A military nuance ties together El Paso County commissioner candidates Liz Rosenbaum and Longinos Gonzalez.
Rosenbaum was an Army wife who made a name for herself reaching out to other military families as a family readiness volunteer after the terrorist attacks on Sept. 11, 2001. Gonzalez served 20 years in the Air Force, retiring in 2012 as a lieutenant colonel.
Beyond their military backgrounds, the candidates each bring very different personalities and approaches to the race to replace term-limited Dennis Hisey in District 4.
Rosenbaum, a Democrat, is a first-time candidate for public office. She brings a fervor for local issues, change and diversity of thought into her bid to join the Board of County Commissioners, which has been dominated by Republicans for more than 40 years. The last Democrat to sit on the BOCC was Stan Jackson, who was elected in 1970.
"Just waiting for someone else to fix the problems doesn't solve them," Rosenbaum said.
The owner of the Her Story Café, located in Colorado Springs' Library 21c,said her leadership in the Army's Family Readiness Group has prepared her for making decisions that affect many. And Rosenbaum says her small-business ownership gives her management acumen that qualifies her to be a commissioner.
Both she and Gonzalez point to water issues as major for the district in the southeastern part of the county. The top concern is water contamination that has plagued Security, Widefield and Fountain. The problem grew into a crisis in May when the Environmental Protection Agency issued new standards.
Rosenbaum has been directly affected. She said the contamination caused her family to stop using water from its well and is drinking bottled water. The contamination is thought to have come from military firefighting foam that has been used for decades at nearby Peterson Air Force Base. Two lawsuits were recently filed against the manufacturers of the foam.
Gonzalez said he "speaks the same language" as officials at Peterson, and that will help him lead the way moving forward to find a solution to the contamination problem.
"We have got to walk hand in hand," he said. "This shouldn't be a blame game."
District 4 is also subject to stormwater concerns from Fountain Creek and Monument Creek watersheds.
Gonzalez said he is well educated about stormwater issues because he attended meetings the last two years, during and after a failed bid to run for Colorado Springs City Council.
"There are good regional efforts targeting this issue," he said.
Rosenbaum said the southeastern part of El Paso County tends to be "forgotten" by county government, so she wants to have monthly meetings in the district to meet with citizens and hear their concerns.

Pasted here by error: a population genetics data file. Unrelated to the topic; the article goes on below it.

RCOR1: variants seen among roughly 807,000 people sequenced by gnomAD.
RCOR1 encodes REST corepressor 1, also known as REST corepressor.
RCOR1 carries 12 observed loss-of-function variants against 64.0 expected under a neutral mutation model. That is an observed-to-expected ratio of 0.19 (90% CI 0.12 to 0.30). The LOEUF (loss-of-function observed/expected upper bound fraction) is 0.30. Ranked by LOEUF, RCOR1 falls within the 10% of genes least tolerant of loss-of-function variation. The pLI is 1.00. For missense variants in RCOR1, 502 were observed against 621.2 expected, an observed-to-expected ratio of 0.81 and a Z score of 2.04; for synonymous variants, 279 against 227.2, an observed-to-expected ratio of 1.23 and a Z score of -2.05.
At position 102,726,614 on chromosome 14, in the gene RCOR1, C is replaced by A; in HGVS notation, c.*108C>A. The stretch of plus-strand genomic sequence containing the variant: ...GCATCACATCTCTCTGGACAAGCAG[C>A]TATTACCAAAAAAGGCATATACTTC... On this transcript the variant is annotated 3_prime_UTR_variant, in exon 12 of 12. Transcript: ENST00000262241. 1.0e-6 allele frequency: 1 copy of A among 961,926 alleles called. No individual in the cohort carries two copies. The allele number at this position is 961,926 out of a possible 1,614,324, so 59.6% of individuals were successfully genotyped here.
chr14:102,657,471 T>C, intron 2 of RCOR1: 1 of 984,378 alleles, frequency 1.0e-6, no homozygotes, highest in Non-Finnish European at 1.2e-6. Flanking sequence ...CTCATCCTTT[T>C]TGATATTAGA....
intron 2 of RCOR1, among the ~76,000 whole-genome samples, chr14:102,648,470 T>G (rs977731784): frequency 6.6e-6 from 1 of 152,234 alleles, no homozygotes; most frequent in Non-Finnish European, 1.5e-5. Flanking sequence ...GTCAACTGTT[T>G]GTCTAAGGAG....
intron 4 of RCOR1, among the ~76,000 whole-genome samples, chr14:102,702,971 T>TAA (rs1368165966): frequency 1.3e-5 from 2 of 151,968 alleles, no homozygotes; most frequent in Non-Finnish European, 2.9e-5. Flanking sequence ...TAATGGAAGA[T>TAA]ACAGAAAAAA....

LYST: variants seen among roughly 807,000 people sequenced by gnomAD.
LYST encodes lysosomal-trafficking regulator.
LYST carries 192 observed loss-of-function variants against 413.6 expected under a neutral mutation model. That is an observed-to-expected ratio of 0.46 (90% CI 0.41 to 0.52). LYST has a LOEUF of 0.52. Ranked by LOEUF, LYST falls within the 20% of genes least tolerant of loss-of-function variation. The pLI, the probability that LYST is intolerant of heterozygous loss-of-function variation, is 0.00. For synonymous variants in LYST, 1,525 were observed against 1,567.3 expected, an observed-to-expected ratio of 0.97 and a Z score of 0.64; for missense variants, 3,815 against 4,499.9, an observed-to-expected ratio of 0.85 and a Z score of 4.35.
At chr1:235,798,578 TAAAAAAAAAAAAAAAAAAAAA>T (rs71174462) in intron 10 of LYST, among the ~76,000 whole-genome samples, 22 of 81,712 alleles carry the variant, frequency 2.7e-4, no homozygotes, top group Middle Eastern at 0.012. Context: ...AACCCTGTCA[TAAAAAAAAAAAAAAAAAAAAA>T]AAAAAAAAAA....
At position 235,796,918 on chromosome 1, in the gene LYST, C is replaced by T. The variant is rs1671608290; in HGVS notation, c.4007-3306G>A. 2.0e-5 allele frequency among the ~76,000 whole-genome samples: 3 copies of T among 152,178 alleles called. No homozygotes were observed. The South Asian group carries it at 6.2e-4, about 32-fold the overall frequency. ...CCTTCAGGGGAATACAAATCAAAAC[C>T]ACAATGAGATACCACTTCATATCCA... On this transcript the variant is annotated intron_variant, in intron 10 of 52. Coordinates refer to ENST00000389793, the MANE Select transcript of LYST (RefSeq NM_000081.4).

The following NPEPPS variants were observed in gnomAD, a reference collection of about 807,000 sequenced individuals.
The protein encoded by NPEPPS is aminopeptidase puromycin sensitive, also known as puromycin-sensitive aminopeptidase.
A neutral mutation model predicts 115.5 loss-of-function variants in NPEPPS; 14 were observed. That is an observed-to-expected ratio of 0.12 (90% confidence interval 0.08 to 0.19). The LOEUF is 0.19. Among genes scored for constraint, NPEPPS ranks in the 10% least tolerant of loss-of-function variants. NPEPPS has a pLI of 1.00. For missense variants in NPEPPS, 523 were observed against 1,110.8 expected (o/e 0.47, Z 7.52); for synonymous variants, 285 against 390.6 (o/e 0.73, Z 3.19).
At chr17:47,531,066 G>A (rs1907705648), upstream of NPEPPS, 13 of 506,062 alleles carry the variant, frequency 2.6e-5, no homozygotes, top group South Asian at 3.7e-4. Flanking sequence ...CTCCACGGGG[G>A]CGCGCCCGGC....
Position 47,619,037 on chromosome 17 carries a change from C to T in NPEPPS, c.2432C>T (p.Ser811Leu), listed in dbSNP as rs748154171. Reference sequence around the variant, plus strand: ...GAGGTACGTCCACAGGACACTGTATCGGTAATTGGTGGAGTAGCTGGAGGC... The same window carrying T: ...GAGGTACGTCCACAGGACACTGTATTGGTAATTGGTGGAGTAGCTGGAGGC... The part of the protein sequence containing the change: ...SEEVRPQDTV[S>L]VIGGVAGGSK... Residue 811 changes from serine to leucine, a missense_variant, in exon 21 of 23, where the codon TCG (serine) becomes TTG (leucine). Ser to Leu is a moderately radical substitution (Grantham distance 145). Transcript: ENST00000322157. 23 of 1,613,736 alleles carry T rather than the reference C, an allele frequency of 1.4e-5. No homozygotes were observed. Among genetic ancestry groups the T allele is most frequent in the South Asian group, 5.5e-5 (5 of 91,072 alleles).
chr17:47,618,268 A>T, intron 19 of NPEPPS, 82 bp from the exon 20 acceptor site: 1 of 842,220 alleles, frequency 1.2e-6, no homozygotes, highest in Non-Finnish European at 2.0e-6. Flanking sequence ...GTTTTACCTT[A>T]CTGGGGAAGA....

Gonzalez and Rosenbaum each acknowledge that land use will take up a big part of their time if they win the commissioner seat. And both have small business in mind when talking about growth in District 4.
Rosenbaum said she sees residential developments pushing into the eastern part of the district and is worried that one key element is missing - nearby amenities, including grocery stores and gas stations. But unlike the big box stores and chain restaurants that have sprouted along the Powers Boulevard corridor to the north, Rosenbaum wants to encourage more "unique" businesses to help provide services.
"How many McDonald's do we need?" she asked.
Gonzalez wants to see "moderate sustainable growth." But he would rather see unused or underdeveloped lots within Fountain, Widefield and Security areas be used first. He said the close proximity to established services will help create more economic development and preserve the rural areas to the east.
When asked about the possibility of bringing recreational marijuana sales to unincorporated El Paso County, Gonzalez, who did counter-drug intelligence work in the military, said he is adamantly opposed to legalizing such businesses. Rosenbaum said she is open to discussing rec pot sales in the county.
"Why not try it?" she said, pointing to the success of a pair of marijuana stores in Manitou Springs. "They want to set an example of how to do it correctly."
Rosenbaum understands that it is an uphill battle trying to win as a Democrat in El Paso County, but the BOCC needs a new voice that could bring a dissenting opinion and open new directions of conversation. While District 4 has more registered Republican voters (18,496) than Democrats (13,452), the district has more than 20,000 unaffiliated voters.
"You wouldn't want the whole board to just be Democrats, either," Rosenbaum said. "That's not a fair representation of the community. We represent both Democrats and Republicans."